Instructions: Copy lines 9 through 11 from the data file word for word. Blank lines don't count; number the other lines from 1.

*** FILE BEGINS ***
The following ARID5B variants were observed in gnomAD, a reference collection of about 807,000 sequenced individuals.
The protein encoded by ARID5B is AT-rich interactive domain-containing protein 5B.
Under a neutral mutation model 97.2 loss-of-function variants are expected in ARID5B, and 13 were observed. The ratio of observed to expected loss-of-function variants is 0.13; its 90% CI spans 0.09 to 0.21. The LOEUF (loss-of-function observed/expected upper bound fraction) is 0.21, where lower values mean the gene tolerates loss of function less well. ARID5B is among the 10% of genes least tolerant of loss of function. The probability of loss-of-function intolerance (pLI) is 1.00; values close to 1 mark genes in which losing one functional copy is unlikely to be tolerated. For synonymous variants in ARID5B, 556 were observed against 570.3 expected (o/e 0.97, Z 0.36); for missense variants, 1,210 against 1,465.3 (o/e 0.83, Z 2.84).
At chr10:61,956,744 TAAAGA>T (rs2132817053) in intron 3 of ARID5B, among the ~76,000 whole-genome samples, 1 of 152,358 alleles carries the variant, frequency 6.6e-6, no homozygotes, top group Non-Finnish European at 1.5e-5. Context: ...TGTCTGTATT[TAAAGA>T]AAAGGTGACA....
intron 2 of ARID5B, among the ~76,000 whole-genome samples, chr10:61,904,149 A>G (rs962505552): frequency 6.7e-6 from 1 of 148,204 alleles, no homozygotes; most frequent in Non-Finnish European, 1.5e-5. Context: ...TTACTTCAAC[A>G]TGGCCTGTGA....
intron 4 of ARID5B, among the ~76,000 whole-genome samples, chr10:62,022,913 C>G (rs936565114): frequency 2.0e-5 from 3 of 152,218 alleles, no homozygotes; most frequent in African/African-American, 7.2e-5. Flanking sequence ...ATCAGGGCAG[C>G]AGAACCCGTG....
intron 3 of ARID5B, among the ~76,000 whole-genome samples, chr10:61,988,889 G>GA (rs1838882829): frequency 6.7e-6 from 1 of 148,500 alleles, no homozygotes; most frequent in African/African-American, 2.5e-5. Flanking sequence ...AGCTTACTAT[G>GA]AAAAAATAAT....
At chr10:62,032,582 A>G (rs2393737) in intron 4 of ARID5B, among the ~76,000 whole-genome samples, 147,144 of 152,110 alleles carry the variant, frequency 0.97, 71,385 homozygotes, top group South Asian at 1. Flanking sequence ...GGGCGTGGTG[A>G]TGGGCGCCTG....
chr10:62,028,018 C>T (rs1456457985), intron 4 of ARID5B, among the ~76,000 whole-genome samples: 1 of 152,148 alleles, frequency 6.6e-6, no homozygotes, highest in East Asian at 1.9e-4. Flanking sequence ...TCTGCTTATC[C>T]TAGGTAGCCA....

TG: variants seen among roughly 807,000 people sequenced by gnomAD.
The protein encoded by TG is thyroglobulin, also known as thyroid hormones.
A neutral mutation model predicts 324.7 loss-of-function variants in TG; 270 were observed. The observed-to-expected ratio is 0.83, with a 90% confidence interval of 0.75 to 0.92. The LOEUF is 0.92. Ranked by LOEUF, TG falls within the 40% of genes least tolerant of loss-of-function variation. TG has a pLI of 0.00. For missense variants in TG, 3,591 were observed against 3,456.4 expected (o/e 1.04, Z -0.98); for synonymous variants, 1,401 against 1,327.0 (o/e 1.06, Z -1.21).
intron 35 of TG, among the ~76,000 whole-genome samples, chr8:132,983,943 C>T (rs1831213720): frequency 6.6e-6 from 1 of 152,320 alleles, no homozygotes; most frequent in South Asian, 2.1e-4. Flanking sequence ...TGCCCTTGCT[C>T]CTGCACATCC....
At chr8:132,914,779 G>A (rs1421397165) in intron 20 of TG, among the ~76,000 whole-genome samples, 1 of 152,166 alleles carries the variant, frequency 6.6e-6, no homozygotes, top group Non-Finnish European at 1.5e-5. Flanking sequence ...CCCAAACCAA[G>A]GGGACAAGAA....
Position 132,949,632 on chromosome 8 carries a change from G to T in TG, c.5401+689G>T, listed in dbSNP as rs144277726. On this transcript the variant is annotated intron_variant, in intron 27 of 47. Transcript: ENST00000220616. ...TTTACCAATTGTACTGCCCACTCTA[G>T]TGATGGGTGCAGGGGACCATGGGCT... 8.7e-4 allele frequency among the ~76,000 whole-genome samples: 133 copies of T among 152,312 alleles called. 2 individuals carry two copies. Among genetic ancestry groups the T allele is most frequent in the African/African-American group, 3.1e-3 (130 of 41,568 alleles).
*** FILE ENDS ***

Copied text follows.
chr10:62,028,018 C>T (rs1456457985), intron 4 of ARID5B, among the ~76,000 whole-genome samples: 1 of 152,148 alleles, frequency 6.6e-6, no homozygotes, highest in East Asian at 1.9e-4. Flanking sequence ...TCTGCTTATC[C>T]TAGGTAGCCA....

TG: variants seen among roughly 807,000 people sequenced by gnomAD.
The protein encoded by TG is thyroglobulin, also known as thyroid hormones.